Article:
To clarify, it’s understandable why an individual seeking business work on a site like Upwork would only want people who write fact-based materials, because this is all they need. But there’s no such thing as a less talented writer just because they write all different kinds of pieces.

Variety and versatility are two of your strongest allies when it comes to writing. Being able to write poetry, non-fiction, short stories and brief reports is a sign of strength, creativity and fluidity in your craft. Naturally, you should be able to do all of these decently well if you want to gain attention for them. But if you’re just strengthening your writing muscles and becoming a better writer, there’s no reason not to appropriately push yourself out of your comfort zone.

10. Write Because It’s Fun

Lastly, but never least, write because it’s fun! You have to love writing on a deep level if you’re going to get up every single day and do it again. Writing can be one of the most enthralling, enriching and restorative experiences available.

It’s simply soul-touching. It’s how one mind communicates thoughts and experiences to another. Writing captures ideas. Writing contains words that form a structure and can be revisited time and again.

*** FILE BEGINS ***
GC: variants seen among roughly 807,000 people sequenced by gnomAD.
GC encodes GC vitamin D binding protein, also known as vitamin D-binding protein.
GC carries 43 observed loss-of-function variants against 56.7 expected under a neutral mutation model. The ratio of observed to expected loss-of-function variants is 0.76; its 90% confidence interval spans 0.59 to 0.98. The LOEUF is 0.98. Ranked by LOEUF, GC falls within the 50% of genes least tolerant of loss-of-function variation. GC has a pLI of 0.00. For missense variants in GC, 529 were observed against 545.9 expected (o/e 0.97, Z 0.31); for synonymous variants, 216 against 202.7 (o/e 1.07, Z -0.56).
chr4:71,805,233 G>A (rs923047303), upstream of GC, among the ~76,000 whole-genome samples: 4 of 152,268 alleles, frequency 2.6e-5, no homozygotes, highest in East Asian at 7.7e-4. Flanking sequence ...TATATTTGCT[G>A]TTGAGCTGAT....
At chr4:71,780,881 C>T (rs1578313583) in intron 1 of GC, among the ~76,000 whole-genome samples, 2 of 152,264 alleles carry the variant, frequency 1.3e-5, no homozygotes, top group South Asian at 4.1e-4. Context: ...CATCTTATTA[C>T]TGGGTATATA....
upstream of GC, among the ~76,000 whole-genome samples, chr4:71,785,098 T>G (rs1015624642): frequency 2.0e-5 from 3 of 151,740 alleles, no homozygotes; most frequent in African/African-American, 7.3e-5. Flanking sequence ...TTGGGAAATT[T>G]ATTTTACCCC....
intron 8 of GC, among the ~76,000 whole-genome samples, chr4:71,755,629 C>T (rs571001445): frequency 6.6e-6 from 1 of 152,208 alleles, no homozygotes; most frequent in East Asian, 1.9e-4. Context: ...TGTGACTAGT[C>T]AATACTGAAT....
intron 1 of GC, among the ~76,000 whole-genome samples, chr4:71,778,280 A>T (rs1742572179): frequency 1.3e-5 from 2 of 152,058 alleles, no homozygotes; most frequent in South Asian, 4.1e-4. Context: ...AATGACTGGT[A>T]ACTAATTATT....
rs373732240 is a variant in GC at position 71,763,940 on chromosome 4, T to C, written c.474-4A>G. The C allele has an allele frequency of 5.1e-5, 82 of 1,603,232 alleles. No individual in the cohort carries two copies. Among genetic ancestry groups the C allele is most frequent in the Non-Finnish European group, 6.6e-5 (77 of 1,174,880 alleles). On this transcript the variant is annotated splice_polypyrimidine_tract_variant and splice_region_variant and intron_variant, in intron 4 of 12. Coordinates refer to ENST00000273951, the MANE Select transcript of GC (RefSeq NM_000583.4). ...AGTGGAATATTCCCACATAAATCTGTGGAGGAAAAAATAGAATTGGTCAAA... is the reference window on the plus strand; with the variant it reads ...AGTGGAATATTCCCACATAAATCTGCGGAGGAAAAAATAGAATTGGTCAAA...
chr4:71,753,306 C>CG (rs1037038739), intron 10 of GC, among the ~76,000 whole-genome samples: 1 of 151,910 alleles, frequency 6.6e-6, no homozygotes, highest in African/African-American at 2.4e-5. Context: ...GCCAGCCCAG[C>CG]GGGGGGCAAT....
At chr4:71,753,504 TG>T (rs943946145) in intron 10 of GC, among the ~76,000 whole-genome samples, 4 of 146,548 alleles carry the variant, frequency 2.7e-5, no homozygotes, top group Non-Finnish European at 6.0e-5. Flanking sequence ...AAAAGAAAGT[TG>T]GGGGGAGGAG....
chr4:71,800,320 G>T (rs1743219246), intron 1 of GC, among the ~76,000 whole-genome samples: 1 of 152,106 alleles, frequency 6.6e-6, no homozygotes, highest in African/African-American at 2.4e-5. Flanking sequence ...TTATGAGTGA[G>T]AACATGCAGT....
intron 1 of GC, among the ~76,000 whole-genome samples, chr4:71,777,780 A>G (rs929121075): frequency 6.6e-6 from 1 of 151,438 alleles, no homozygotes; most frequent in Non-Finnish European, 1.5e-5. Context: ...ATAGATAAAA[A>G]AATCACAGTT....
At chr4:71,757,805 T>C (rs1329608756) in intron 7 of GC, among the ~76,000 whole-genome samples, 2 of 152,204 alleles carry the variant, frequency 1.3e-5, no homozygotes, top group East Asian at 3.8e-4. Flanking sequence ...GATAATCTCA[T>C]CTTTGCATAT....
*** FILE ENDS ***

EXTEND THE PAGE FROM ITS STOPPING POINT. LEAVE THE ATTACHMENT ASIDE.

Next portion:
I hope you liked the first post in the “How To Become A Better Writer” series! Be on the lookout for new posts soon.

Want a free eBook on writing tips, plus my bonus eBook on best writing practices for free? Sign up below for the free eBooks and my best posts on writing!

The How To Become A Better Writer Series:

How To Become A Better Writer: Writing 101, Part 1 Of 12

How To Become A Better Writer: Habits, Part 2 Of 12

How To Become A Better Writer: Writing Killers, Part 3 Of 12

How To Become A Better Writer: Inspiration, Part 4 Of 12

How To Become A Better Writer: Optimization, Part 5 Of 12

How To Become A Better Writer: Your Best Work, Part 6 Of 12

How To Become A Better Writer: Helping Other Writers, Part 7 Of 12

How To Become A Better Writer: Reading, Part 8 Of 12

How To Become A Better Writer: Community Action, Part 9 Of 12

How To Become A Better Writer: Connecting Well, Part 10 Of 12

How To Become A Better Writer: Writing Forever, Part 11 Of 12

How To Become A Better Writer: Leaving A Legacy, Part 12 Of 12

Published inBooksCornerstone ContentReadingWorkWriting